FCI Dublin: Congress calls for hearings to investigate prison closure

Ten Congressional leaders on Friday called for a hearing and investigation into the recent closure and transfer of 605 women from the Federal Correctional Institute at Dublin. 

Citing information from KTVU, the leaders said they had heard about "shocking abuses" that took place when the prison closed on April 15 and the women were bussed and flown to other facilities around the United States.

"This level of disregard for human dignity cannot be tolerated," the Congress members wrote. "Additionally, the frantic nature of the closure of FCI Dublin reflects a lack of adequate planning and proper safeguards to protect the rights of inmates."

Some of the abuses include women saying they were shackled too tightly, they were harassed on the bus ride, and they've been mocked and treated poorly at their new facilities, as staff have called them "whiny bitches" after speaking out about sexual abuses at FCI Dublin. 

Each day, KTVU receives correspondence from incarcerated women all over the country or their families.

Some of their complaints include:

A woman transferred from FCI Dublin, who is now at FCI Waseca in Minnesota wrote this week that there is black mold and standing water at the prison there, causing her and others to suffer irritating fungal infections. She said her feet have open wounds and infections. Staff there have told her to buy $30 medicine at the commissary, which she said she can't afford. She said nothing has been done about the pools of water in the shower area, where there appear to be worms or parasites. 

She also said that basement cells are flooded with rainwater and that women are losing their property due to water damage. 

Quiana Matthews was transferred from FCI Dublin to FCI Pekin in Illinois. 

Like many other women, she said that she has not been able to find "gainful employment" at her new prison outside of cleaning toilets. When she asked about getting a job, a staffer said to her, "Where did you transfer from? Was it Dublin?" Holding down a job in prison allows incarcerated women to shave time off their sentences with good behavior under what is called the First Step Act.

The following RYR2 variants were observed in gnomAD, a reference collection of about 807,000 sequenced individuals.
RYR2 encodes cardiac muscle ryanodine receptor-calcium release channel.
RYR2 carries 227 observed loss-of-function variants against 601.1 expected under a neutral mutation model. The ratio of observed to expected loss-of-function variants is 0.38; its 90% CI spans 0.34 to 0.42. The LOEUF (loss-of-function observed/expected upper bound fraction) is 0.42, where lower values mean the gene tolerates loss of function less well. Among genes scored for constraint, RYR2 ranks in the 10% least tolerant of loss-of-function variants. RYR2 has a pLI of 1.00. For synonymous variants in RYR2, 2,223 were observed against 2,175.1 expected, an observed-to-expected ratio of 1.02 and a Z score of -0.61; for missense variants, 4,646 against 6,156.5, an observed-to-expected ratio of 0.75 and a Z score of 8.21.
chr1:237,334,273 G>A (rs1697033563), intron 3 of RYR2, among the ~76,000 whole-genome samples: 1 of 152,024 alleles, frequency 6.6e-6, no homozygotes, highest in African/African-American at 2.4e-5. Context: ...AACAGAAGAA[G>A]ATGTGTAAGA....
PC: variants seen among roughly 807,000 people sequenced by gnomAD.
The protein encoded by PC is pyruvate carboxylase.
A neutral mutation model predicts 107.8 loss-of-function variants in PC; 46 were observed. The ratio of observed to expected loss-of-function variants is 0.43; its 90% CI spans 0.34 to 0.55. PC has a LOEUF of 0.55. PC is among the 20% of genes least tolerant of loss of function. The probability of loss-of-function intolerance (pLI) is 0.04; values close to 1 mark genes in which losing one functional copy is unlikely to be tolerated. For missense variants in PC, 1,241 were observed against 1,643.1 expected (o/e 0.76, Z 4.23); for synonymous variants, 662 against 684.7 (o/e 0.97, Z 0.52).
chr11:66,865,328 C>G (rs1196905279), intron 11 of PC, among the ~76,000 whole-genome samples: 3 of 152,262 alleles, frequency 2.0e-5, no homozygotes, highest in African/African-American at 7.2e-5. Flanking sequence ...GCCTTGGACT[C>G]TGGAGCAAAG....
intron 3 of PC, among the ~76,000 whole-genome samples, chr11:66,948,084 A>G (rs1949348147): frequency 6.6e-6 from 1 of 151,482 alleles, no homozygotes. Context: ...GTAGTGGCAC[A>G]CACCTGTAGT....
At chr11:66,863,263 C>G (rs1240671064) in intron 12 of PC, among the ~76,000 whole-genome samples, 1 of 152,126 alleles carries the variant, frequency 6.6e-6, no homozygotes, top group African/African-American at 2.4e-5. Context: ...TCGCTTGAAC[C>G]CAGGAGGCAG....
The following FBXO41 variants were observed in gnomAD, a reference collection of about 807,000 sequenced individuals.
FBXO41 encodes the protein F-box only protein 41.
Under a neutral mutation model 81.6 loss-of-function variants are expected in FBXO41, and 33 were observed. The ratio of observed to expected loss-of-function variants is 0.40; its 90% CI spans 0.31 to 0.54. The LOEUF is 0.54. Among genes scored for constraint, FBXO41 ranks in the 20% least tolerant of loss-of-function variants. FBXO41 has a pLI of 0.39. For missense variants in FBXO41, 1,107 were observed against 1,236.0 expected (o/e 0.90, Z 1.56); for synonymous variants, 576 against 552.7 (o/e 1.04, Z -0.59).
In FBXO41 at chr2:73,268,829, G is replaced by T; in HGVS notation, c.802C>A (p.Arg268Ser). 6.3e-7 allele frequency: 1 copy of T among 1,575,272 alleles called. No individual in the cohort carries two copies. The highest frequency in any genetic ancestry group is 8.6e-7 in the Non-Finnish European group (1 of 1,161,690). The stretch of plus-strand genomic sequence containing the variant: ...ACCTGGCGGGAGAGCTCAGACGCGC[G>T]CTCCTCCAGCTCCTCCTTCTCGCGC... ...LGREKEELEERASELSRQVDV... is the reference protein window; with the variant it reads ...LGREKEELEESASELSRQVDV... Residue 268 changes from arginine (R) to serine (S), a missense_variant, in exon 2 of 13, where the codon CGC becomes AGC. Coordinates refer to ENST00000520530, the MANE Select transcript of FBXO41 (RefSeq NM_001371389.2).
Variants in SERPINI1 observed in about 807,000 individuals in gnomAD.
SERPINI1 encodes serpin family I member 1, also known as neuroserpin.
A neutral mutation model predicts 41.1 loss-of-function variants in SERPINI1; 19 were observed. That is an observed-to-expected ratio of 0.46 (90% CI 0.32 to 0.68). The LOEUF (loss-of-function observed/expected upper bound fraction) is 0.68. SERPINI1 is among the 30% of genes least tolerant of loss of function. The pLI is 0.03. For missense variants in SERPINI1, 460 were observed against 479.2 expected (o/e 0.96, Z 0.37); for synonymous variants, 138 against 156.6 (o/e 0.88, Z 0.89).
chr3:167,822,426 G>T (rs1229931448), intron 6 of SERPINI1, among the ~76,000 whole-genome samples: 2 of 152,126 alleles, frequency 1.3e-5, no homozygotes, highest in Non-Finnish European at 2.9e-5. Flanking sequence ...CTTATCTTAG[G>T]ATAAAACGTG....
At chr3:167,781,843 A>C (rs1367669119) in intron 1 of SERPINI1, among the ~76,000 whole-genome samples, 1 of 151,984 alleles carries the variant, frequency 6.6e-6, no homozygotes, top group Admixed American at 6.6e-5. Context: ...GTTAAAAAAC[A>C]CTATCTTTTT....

Joelene Piazza said that at FCI Aliceville in Alabama there have been several days of lockdowns in May, which means she and the others can't attend their classes, which also count for FSA time credits. "I'm sure this looks good when they had over the monthly reports, but we are locked down and unable to attend said programs which makes it null," she wrote. 

The letter was signed by  Congressman Mark DeSaulnier (CA-10) along with Congresswoman Judy Chu (CA-28), Congresswoman Anna Eshoo (CA-16), Congresswoman Sheila Jackson Lee (TX-18), Congresswoman Sydney Kamlager-Dove (CA-37), Congresswoman Barbara Lee (CA-12), Congresswoman Zoe Lofgren (CA-18), Congressman Adam Schiff (CA-30), Congressman Bobby Scott (VA-03), and Congressman Eric Swalwell (CA-14).

They wrote to Jim Jordan and James Comer, the chairs and ranking members of the House Judiciary Committee and the House Committee on Oversight and Accountability.

The Congressional leaders cited the past abuses at FCI Dublin, including the sex abuse scandal where seven officers, including the former warden, were convicted of having sexual relations with dozens of incarcerated women. 

After the prison suddenly closed, shortly after a judge appointed a special master to oversee reforms at FCI Dublin, members of Congress and several U.S. senators asked Bureau of Prisons Colette Petrers and Attorney General Merrick Garland to answer questions about what transpired. 

To date, those questions have not been publicly answered. 

It is not clear if and when such a hearing will be held. 

Lisa Fernandez is a reporter for KTVU. Email Lisa at lisa.fernandez@fox.com or call her at 510-874-0139. Or follow her on Twitter @ljfernandez